My strategy since my first BSA 125cc Bantam in 1963, has been to be going just a little faster than the traffic (quite hard to do on a 3HP motorcycle), so you are catching up with them and they are not coming up your tail.

By moving a little faster than the climbing traffic in the pass you could select your passing point to be on the short straights rather than the switchbacks, which tended to be blind corners. Descending traffic was more of a concern. These are typically 4WD Land Rovers or Cruisers and are virtually idling down the pass so not making a lot of noise.

You will only detect their presence visually so you need to be ready to dive off to the left. In the event, they weren’t much of an issue, but once I reached around 2,500 metres in altitude, my engine started coughing then went to one cylinder.

This still gave me enough torque to climb the hill, but I was having to slip the clutch a lot more than usual. Despite now only having a single-cylinder 600cc asymmetric engine, I chugged to the top without too much difficulty and waited for Iain. He was a bit behind having no doubt stopped for a few ‘selfies’ en route.

We cleared Lesotho customs, paid a couple of pounds to somebody for something and then checked into the Sani Pass Top Hotel. Our reception band was waiting for us; three young lads waiting for our arrival. Africans are inventive and these guys typified this. One had made a guitar out of a petrol can and another a drum out of a bucket, some wire and some bottle tops.

I am now their manager and they are available for weddings, funerals and hen parties.

Die Top
Die Top Sign

The Sani Pass Top is the highest pub in Africa (they say), and since we had no idea how long we would take to get up the hill we booked in for that night. The views from the top are breathtaking. The Sani pass lies beneath the window. Cloud sweeps in and out as you watch it. The following day we went north through Lesotho and on into South Africa.

We knew the first 40 kilometres or so would be rough, but on the map, the next 100 kilometres or so was meant to be tarmac or pretty near. The manager of the Sani Pass Top Hotel had commented that the Chinese were working on the latter 100 kilometres and we foolishly thought that this meant it was being upgraded.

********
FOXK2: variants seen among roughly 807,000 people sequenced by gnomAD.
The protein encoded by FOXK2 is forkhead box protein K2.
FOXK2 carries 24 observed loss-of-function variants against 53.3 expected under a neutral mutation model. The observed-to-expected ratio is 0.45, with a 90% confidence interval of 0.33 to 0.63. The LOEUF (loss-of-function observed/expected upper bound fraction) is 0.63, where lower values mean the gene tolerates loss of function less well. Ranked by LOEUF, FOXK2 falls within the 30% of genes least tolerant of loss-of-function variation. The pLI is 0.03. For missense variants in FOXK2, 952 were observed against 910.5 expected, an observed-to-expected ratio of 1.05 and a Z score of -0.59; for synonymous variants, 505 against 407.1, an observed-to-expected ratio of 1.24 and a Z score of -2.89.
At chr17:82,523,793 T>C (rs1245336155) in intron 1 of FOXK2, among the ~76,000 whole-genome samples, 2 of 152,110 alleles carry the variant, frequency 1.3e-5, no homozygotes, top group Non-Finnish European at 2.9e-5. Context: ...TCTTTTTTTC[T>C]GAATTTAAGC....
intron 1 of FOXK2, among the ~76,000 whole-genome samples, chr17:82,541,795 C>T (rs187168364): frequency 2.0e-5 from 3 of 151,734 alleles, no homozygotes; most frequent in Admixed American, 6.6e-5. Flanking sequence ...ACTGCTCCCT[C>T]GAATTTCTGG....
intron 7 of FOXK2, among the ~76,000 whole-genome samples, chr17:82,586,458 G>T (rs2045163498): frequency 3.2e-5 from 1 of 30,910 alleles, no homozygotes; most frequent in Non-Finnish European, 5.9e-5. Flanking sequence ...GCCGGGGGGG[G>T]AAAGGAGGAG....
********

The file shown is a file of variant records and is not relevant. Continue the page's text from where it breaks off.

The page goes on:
South African Air link has three flights a day from Johannesburg International airport to Moshoeshoe 1 International airport from Monday to Friday, two flights a day on Saturday, and three flights on Sunday. Return flights to Johannesburg start from around £450.

Visa requirements:
Visitors must have valid passports. Visas are required except for citizens of countries which have visa abolition agreements with Lesotho and citizens of some Commonwealth countries.Contact your nearest Lesotho Embassy.

When to go:
Winter is between May and September, summer is between October and April. This is the best time to go.

Getting the bike there:
To ride your own bike in Lesotho, it is recommended that you obtain a Carnet de Passage organised through the RAC  www.rac.co.uk/travel/driving-abroad/carnet-de-passage.

James Cargo Services Ltd can transport a BMW R1200GS motorcycle to arrival into Johannesburg by airfreight for £1195 or £795 by ocean freight www.jamescargobikes.com

Rent a bike:
Sadly you can’t rent an HP2, but Motorrad Rentals in Johannesburg can rent you an F800 GSA for £545 for the week, or an R1200GSA for £610.Have it over a week and it comes with unlimited mileage. To cross a border the insurance excess is £1,400 for the 800, and £1,900 for the 1200.

For sure the Chinese are working on the road, but what they had done mainly was to have ripped off the surface leaving the clay exposed below. Needless to say, it was raining all the time we were in Lesotho so the clay had developed into mud. That 100 kilometres was probably the most nerve-racking ride ever I’ve done. I came off a couple of times on switchbacks, whilst Iain had a perfect ride (the b*stard).

Most of Lesotho looks like the Lake District or the Grampians. There isn’t a lot of foliage and as we did in Morocco, we wondered how anyone eaks out an existence there. We had underestimated how cold and wet it would be and ended up wearing just about every bit of clothing we had under our jackets. It’s a pretty desolate landscape. By the time we crossed the border back into South Africa at Caledonspoort, the scenery and climate had changed for the better.

Just beyond Clarens we entered the Golden Gate Park and were left wondering why we had been getting cold, wet and muddy the previous day. But we’d done it, we’d ridden the Sani Pass and lived to tell the tale. How come a couple of shagged out old bikers could go where Charley couldn’t?

As I said before, Charley is a better rider than we will ever be, but possibly we can manage risk better. Charley went up in the winter. We went up in summer. Charley stood little chance of getting up Sani when he did unless he had put studded tyres on the bikes (and on his boots too). If he had he done so he would have flown up.

Most bike tyres are useless on ice and in the winter months, you had better assume you will have ice on that road. When we went up there were several streams of water flowing across the track. In winter you can reasonably assume these will be solid Ice (as apparently, they were for Charley).

So what did we learn about Lesotho and the Sani Pass?

1 It gets very cold.
2 It is wet.
3 Water sluices across the tracks.
4 It is at altitude.
5 it can be done by a couple of middle-aged dudes on a pair of HP2s.